How do you suppose it came to be that "Captain" became the military rank most often adopted by super-heroes who did adopt a military rank as part of their super-hero code-name?

Sure, once it became established as a popular choice, there was probably a certain amount of "me-too-ism" in its adoption for subsequent characters, but how did it get so established in the first place?  Yeah, you see the odd "Sergeant" or "General" or "Major" or "Colonel", but "Captain" seems to be the most common. How come, do you think?

The only thing I can come up with is that maybe "Captain" resonates with a certain amount of authority, but not so much that it starts to have a "top brass" vibe that might not be a good fit for the "Everyman" sort of character that super-heroes tend to be.

So, what do you think?

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It's something that goes right back. Criminals who used "Captain" names include the bushranger Captain Moonlite, the Irish gang-leader Captain Gallagher, and the highwaymen Captain Thunderbolt and Captain Lightfoot. I suppose when a criminal operated with a gang the name could refer to his leadership of the gang.

The Wikipedia history of military ranks here represents the rank as predating the ranks major and colonel. So perhaps in popular usage it continued to be thought of as the standard officer's rank or the rank of an officer who leads men in the field, or as indicating a soldier out of the ordinary. Or it may be ordinary people rarely encountered soldiers of higher rank.

Finding prose antecedents is complicated by the point that Captain heroes/villains/antiheroes include boat/flying ship captains. (Captain Nemo, Kapitan Mors, Captain Justice.) Captain Midnight dates from 1938, but he was the leader of a squadron. But note Captain Future (1940).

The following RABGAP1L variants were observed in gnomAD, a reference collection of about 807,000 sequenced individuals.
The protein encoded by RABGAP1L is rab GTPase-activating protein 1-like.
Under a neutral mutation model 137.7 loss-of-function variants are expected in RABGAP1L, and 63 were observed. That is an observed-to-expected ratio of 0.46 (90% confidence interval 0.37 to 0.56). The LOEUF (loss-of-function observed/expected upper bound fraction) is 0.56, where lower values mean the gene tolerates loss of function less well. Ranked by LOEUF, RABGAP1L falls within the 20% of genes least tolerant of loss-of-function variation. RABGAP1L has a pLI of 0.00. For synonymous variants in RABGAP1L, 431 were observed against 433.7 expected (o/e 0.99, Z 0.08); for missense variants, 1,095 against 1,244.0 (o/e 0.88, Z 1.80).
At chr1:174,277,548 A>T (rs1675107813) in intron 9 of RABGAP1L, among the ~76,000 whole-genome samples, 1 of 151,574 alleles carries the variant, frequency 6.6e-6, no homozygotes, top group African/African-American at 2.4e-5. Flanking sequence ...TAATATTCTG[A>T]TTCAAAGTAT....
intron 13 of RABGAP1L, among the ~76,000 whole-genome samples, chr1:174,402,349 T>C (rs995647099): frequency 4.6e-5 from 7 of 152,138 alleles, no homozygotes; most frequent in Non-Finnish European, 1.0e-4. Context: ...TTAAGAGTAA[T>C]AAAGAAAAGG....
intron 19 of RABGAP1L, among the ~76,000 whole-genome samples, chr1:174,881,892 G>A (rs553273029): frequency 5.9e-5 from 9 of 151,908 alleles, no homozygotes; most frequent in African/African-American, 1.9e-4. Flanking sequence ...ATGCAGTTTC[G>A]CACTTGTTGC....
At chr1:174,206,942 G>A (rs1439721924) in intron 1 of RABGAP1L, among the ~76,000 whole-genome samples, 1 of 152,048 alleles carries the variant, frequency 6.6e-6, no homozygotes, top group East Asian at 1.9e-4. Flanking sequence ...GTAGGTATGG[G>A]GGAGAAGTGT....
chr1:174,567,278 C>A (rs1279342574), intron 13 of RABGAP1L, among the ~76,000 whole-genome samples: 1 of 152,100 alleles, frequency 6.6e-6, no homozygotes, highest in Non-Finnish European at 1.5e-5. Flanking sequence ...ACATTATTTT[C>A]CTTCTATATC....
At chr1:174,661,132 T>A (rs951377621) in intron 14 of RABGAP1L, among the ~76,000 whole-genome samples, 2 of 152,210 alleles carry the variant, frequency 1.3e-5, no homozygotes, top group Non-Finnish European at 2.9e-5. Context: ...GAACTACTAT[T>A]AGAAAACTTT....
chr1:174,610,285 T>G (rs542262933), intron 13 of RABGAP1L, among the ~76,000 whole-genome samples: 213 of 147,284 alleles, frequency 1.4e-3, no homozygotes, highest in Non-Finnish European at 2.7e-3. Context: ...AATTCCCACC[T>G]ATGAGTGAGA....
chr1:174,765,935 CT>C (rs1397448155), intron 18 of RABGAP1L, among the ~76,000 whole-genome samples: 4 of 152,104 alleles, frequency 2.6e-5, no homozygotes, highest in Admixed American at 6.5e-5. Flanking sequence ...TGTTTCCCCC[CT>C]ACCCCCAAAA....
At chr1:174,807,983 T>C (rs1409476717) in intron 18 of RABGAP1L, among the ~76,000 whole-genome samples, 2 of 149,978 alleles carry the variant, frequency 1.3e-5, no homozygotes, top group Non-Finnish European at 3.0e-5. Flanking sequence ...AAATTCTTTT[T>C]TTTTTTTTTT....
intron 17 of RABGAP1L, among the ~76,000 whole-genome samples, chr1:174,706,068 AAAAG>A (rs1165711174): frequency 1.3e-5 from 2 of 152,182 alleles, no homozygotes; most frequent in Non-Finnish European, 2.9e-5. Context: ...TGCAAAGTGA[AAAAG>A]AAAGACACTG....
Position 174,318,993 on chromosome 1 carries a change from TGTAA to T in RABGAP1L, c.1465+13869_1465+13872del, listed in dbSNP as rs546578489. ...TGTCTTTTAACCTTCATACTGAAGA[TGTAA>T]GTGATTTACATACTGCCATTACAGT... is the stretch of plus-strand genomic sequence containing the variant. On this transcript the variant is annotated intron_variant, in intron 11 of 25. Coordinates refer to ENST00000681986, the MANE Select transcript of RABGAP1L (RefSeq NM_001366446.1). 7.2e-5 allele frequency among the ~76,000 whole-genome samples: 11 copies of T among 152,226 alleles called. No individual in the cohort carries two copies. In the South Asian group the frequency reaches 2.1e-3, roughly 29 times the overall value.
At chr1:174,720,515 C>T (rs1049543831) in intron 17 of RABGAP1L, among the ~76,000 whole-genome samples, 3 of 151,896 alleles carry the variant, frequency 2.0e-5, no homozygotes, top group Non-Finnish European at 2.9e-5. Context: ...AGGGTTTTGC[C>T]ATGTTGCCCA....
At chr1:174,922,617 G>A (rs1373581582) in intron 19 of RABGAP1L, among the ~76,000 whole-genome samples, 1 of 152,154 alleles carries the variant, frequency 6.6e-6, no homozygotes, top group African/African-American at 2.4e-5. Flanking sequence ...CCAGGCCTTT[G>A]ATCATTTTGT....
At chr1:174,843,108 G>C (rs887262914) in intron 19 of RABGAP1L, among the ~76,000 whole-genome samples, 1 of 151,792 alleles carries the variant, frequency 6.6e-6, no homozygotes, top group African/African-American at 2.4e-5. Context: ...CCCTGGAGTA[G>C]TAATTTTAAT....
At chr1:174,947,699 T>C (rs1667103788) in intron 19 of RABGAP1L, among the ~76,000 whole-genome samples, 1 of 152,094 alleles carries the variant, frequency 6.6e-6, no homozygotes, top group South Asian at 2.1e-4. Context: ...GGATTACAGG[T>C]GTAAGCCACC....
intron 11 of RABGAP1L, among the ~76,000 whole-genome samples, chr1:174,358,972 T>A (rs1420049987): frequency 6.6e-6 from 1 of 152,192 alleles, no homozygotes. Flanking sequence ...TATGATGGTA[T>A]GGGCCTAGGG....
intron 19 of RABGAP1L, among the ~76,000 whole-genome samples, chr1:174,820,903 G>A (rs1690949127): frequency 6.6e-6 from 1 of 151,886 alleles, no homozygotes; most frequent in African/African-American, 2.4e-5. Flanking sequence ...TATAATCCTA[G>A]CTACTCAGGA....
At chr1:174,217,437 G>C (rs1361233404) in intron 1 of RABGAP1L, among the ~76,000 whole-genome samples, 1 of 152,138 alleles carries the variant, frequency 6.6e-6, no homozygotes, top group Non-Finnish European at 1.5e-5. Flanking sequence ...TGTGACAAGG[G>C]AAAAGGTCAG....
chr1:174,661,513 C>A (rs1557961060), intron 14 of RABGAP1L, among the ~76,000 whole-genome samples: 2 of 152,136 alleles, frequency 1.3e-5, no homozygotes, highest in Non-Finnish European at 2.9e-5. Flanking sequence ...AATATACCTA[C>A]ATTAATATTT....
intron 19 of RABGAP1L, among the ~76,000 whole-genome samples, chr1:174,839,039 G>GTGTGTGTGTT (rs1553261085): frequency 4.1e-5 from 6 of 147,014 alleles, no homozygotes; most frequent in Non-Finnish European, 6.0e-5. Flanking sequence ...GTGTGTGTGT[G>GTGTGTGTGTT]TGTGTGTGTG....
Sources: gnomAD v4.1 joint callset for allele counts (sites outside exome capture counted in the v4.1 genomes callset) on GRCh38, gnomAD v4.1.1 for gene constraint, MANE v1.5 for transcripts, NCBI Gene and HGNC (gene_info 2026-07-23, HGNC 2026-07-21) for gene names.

The first definition for the word in The New Shorter Oxford is "A chief or leader, esp. a military leader or commander." The usage originates in late Middle English. The second is "A military officer holding subordinate command.", which is dated the same.



Jeff of Earth-J said:

"How do you suppose it came to be that "Captain" became the military rank most often adopted by super-heroes who did adopt a military rank as part of their super-hero code-name?"

I don't know, but "Captain Why?" sounds like a superhero name Grant Morrison or Rick Veitch migh have come up with.

That's the vibe I was going for.

I wrote carelessly: Captain Midnight, of course, was a radio hero. Also, that should be Kapitän Mors.

Captain Comics said:

And Captain Billy's Whiz Bang was named for a real person who was a real officer, U.S. Army Captain Wilford Hamilton Fawcett. 

Just to muddy the waters, National Allied Publications, which evolved into DC Comics, was started by Army Major Malcolm Wheeler-Nicholson, but "major" didn't become the ubiquitous rank that captain did. 

Which touches on a subject that I've always pondered.

After World War One, a number of men who had held commissions as officers in the Army left the service and returned to civilian life.  However, looking though the history of America, it seems that, for some reason, figures in the publishing industry continued to refer to themselves, and insisted on being addressed by, their former military titles. You had:

Colonel Frank Knox, publisher of the Chicago Daily News

Colonel Robert McCormick, owner of the Chicago Tribune

Captain Joseph Medill Patterson, owner of the New York Daily News

Captain Joseph T, Shaw, publisher of Black Mask magazine